Cut to 03: EDITING TO THE BEAT

Cut to:
Editing to the Beat

From the beginning, Margaret Booth said, she tried to find the rhythm of a movie, to craft a film “like poetry.”
“When I cut silent films, I used to count to get the rhythm. If I was cutting a march of soldiers, or anything with a beat to it, and I wanted to change the angle, I would count one-two-three-four-five-six. I made a beat for myself.”
If the film was a comedy, she stepped up the tempo. If it was a musical, she cut on the downbeats. “Otherwise, you get a jarring cut and it throws things off,” she said.
“You should not feel the breaks. It’s like pauses and breaths that you take on the stage. It has its ups and downs and its pace.”
“The Parade’s Gone By” by Kevin Brownlow. The full text can be found in the Appendix.


Legendary producer Irving Thalberg was the one who began calling cutters “film editors,” starting with Booth. “He depended on her as much as [he did on] any writer,” Beauchamp said. “The two of them would go to a screening and sit next to each other, making plans for how the re-shoot would be done and how it would be edited.”
“Without Lying Down: Frances Marion and the Powerful Women of Early Hollywood” by Cari Beauchamp


Once, when editing a film for George Roy Hill, Booth was not happy with something he was doing. [Dede] Allen recounted the story.
“Mr. Hill, are you telling me you want that on a 60-foot screen?” she demanded.
“I guess I don’t, do I?” he replied.
“No, you don’t,” Booth said firmly.
In fact, Booth once said, she preferred directors who stayed out of the cutting room entirely.
“Most of them are bad editors.”
“The Parade’s Gone By” by Kevin Brownlow. The full text can be found in the Appendix.

 

BOOTH, MARGARET

Margaret Booth

1898 – 2002

Margaret Booth started editing for D.W. Griffith in 1915 and worked as an editor until 1936. She has forty-four credits, among them for several films starring Greta Garbo including Camille. She was nominated for an Oscar for Mutiny on the Bounty, for which she also has a writer’s credit. Her editing credits end early because in 1932 she became one of the most powerful figures at MGM Studios through her position as the supervising editor, a position she held until 1969. Booth controlled the dailies of every film the studio made and had the power to order reshoots. She would frequently intervene with directors, writing new scenes when she found story problems during her nightly views of their rushes. She was also, later, an associate producer at MGM.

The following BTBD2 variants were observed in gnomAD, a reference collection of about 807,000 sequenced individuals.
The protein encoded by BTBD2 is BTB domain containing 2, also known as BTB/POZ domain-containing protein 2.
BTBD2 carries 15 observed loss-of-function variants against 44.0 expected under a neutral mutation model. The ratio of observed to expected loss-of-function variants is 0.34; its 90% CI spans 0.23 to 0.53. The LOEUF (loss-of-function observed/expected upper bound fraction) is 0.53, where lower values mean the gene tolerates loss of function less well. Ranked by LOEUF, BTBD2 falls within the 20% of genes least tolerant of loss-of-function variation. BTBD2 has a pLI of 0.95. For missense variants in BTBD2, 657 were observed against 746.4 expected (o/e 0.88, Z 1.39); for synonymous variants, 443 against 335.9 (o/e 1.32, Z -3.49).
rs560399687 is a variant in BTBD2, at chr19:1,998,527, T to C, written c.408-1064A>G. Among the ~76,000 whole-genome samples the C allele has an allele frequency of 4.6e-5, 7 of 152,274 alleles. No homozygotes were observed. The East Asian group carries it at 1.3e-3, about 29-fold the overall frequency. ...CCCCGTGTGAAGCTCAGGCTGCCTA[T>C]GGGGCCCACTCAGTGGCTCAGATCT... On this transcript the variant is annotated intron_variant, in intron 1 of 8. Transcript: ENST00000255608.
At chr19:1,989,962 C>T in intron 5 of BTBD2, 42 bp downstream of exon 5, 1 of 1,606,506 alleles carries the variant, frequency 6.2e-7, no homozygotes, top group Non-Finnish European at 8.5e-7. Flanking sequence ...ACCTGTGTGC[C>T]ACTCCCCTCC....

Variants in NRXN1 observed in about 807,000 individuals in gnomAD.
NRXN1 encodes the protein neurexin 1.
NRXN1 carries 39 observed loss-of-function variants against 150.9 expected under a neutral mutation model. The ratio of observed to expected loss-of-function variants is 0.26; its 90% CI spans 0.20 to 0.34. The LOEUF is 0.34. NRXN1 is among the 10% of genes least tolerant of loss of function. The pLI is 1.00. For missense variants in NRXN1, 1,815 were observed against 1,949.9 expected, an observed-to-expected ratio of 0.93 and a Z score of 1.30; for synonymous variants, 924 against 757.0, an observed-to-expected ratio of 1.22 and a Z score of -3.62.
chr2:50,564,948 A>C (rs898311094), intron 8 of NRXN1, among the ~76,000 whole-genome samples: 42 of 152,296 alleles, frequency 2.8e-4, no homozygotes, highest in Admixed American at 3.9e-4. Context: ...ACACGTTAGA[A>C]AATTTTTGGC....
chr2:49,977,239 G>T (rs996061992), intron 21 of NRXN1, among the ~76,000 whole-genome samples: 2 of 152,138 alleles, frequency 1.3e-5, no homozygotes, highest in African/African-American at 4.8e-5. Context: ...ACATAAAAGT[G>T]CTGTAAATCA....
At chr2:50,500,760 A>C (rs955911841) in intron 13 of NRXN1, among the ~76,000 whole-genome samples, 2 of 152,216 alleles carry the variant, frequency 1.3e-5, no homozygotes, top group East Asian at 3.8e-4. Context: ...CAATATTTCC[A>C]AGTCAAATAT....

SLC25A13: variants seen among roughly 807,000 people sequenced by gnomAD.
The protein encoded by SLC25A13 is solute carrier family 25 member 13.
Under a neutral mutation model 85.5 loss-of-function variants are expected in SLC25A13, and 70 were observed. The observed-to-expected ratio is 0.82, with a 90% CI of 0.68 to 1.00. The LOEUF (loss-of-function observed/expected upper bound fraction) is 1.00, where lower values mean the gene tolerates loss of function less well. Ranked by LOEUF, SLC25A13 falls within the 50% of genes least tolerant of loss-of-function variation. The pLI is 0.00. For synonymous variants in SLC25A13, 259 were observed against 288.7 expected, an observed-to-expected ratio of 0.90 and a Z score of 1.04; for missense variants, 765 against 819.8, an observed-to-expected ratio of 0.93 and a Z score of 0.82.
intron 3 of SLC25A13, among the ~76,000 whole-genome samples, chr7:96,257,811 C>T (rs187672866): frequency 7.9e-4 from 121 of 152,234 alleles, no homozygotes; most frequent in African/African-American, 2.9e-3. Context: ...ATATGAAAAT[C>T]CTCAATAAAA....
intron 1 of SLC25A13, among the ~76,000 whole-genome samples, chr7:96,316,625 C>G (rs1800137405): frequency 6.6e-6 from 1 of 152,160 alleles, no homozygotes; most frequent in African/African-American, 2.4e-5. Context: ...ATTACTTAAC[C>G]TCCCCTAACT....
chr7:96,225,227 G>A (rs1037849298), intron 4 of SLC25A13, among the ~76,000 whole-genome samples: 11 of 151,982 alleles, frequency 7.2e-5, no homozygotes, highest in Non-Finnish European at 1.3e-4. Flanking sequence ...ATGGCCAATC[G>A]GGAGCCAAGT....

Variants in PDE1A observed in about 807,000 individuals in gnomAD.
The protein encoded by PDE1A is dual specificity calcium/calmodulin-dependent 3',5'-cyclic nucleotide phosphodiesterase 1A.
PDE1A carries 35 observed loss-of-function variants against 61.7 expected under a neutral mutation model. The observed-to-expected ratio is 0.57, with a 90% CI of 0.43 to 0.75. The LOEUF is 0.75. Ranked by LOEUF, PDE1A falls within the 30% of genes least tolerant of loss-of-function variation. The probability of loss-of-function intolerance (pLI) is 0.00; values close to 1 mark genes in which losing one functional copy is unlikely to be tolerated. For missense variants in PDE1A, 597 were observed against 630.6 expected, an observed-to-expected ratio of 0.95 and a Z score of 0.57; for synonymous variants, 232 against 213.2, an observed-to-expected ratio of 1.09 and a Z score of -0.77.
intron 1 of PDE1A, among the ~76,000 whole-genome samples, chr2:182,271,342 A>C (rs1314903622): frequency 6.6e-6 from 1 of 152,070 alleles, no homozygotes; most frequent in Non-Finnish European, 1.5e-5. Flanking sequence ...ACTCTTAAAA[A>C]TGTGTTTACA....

Although she never received a competitive Oscar, the legendary Margaret Booth was the first — and up until now, one of only two — picture editors to win an Academy Honorary Award (a.k.a. the Honorary Oscar) for “exceptional contributions to the art of film editing in the motion picture industry.” It was presented at the 50th annual Academy Awards ceremony in 1978. The only other picture editor to win one was Anne V. Coates, in 2016.

“Booth is considered one of the pioneers of the “invisible edit,” and though she learned a lot with Griffith, her main influence actually came from German expressionism. She would go as far as foreseeing the auteur theory, claiming that great directors have a distinctive rhythm of their own, and it was the job of the cutter to find it and bring it out in the editing.”
Excerpt from “‘A Tedious Job’ – Women and Film Editing” by Sara Galvão at Critics Associated.